The second misunderstanding is that you save money doing it yourself because you don't have to pay a travel agent. The truth is that you do not save money doing it yourself. How is that possible you ask?  It's really pretty simple. Let's say you booked the $799 Carnival cruise mentioned above and you did it through a travel agent. What do you think the cost to you is going to be? If you said $799 you'd be right. If on the other hand you book that same cruise through Expedia or Travelocity what would be your cost. If you said $799, again you'd be correct.

The price is the same.  The cruise lines build into their pricing and amount equal to about 17% of the price you pay less what they call NCF's for that cruise as commission because that is what they pay sellers of their cruises between 10-17% based upon volume of sales.  Hence, since I am not a large volume Carnival Travel Agent they, not you, would pay me about $49 for that cruise. However, because Travelocity is a large volume seller of their cruises the would get about $83.30. I might add that this is also true if you use one of Carnival's Personal Vacation Planners. PCP and paid on commission just like a private travel agent or an online booking site. Regardless of how you book your cruise your cost is the same.

You say "Wait a minute neither of those amounts equal the percentages you mentioned. That is correct. Because nearly all cruise lines subtract from the total cost of the cruise an amount they call non-commissionable funds (NCF's) the actual commission is much smaller than one might think. Commissions are paid on the remainder after NFC's are deducted. It is a bit more complicated than that but suffice it to say what is significant to you is that you will pay the same either way.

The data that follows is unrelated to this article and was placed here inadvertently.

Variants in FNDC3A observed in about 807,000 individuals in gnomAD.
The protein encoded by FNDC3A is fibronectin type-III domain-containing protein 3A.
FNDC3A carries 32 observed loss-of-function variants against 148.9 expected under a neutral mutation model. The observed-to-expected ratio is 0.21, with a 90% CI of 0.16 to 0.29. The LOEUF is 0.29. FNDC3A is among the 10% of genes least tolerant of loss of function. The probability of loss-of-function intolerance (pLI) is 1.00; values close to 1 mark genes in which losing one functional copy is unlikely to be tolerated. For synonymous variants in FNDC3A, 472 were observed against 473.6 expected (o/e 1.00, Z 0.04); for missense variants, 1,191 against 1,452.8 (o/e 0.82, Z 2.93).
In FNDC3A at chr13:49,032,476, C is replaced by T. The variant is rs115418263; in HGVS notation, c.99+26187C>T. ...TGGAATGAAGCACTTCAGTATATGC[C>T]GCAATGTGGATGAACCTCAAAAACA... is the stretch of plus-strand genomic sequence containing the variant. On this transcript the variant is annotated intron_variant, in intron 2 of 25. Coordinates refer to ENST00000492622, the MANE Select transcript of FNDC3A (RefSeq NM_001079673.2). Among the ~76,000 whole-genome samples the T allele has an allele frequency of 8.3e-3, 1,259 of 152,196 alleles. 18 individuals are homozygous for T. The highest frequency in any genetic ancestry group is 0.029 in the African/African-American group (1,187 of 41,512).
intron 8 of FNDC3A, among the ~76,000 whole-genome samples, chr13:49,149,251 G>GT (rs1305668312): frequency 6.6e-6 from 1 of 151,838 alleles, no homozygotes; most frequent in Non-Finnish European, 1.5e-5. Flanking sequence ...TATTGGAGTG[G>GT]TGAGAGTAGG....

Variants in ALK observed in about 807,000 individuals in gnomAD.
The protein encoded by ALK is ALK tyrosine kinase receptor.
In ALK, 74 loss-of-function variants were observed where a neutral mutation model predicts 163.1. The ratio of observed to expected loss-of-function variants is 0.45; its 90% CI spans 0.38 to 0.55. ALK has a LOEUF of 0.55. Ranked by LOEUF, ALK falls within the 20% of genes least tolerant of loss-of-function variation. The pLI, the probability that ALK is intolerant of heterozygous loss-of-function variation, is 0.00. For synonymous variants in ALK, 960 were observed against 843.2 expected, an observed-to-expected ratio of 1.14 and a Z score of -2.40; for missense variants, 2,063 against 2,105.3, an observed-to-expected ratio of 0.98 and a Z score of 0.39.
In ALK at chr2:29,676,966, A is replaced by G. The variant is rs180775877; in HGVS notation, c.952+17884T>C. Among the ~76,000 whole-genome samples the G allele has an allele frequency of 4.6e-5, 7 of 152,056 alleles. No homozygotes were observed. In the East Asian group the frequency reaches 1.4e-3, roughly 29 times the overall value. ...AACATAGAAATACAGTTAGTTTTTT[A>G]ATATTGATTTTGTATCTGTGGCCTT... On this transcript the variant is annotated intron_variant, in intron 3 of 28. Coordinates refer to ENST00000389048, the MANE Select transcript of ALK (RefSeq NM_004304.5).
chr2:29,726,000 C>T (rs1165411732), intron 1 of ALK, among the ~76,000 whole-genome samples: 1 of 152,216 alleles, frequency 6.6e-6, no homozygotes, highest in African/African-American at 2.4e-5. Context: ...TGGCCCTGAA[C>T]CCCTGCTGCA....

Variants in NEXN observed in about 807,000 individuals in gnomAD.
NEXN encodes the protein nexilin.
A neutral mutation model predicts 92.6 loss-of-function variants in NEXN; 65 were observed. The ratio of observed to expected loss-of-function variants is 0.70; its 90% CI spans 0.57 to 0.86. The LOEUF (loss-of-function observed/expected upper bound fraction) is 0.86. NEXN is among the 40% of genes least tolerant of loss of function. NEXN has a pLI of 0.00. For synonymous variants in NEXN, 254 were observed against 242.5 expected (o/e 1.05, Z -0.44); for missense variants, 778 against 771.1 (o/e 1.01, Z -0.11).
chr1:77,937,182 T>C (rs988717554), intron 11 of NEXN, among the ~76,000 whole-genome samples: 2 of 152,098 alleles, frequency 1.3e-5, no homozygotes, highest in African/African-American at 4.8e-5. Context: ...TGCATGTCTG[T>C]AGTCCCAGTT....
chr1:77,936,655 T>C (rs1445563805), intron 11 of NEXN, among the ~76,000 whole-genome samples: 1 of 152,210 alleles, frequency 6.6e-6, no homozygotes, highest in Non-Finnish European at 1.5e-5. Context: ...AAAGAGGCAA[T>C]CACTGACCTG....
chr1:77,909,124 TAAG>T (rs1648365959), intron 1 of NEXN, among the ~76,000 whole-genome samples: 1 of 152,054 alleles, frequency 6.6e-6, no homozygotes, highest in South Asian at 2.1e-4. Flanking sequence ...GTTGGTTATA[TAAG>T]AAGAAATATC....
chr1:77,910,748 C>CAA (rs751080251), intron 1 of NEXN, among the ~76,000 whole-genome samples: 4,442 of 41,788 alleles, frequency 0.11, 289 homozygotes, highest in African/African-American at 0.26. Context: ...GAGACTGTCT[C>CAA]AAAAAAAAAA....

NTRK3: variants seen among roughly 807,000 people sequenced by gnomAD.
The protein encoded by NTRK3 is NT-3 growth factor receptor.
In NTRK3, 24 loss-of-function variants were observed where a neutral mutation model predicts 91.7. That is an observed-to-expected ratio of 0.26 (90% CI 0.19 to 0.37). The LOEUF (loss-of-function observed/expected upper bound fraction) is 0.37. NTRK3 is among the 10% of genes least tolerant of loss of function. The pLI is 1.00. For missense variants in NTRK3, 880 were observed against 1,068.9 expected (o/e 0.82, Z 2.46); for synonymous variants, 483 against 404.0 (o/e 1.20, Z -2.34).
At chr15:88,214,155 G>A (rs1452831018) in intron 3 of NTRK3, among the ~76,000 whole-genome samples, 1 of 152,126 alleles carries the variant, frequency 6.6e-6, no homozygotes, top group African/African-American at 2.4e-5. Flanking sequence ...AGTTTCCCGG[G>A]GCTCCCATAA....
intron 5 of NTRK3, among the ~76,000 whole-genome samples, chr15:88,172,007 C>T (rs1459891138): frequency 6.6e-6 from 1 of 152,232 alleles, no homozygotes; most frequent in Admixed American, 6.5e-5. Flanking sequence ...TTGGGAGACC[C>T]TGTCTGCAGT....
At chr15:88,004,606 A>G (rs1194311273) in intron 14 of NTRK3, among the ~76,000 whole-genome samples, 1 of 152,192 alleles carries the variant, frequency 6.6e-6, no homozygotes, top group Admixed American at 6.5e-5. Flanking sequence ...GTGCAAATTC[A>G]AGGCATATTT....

BTW: If you book directly online with the cruise line (No agent, no PVP, no online booking company) you are paying the cruise line for the privilege of doing all the work. The commission amount as a part of the purchase price is on top of what the cruise line must receive to make their predetermined profit per cabin. So by doing it yourself on their website you are literally paying too much for your cruise vacation by returning the commission amount to the cruise line.

Truth is most Travel Agents can almost always beat an online price for a cruise or packaged trip. For example, I received a call just today inquiring about a particular Carnival cruise that showed up on the online booking agencies page as $1093 for an inside cabin. Because I noticed where they lived I was able to offer them either that inside cabin for $749 or  a balcony for the cost of that inside cabin they were considering.  Either was they got more value for the money they spent.  Travel agents really can and will save you money.

However, I rarely try to beat the online price because I know you are looking for a special kind of vacation when you buy a cruise vacation. Truth is, you really don't want the cheapest available cabin. What you really want is the best value you can get for the money you have to spend and that's where your Travel Agent will prove to be invaluable. Working together we can get you a great cruise at a price with which you can live.

So, am I going to tell you not to book your own cruise or resort vacation online. . . no, I am not. I am going to ask you, "Why you would want to book your own cruise or resort vacation when you could have the help of an expert without any additional cost." After all, booking is a mechanical process but selecting the right destination, duration and kind of trip for your needs at a price within your budget is another story.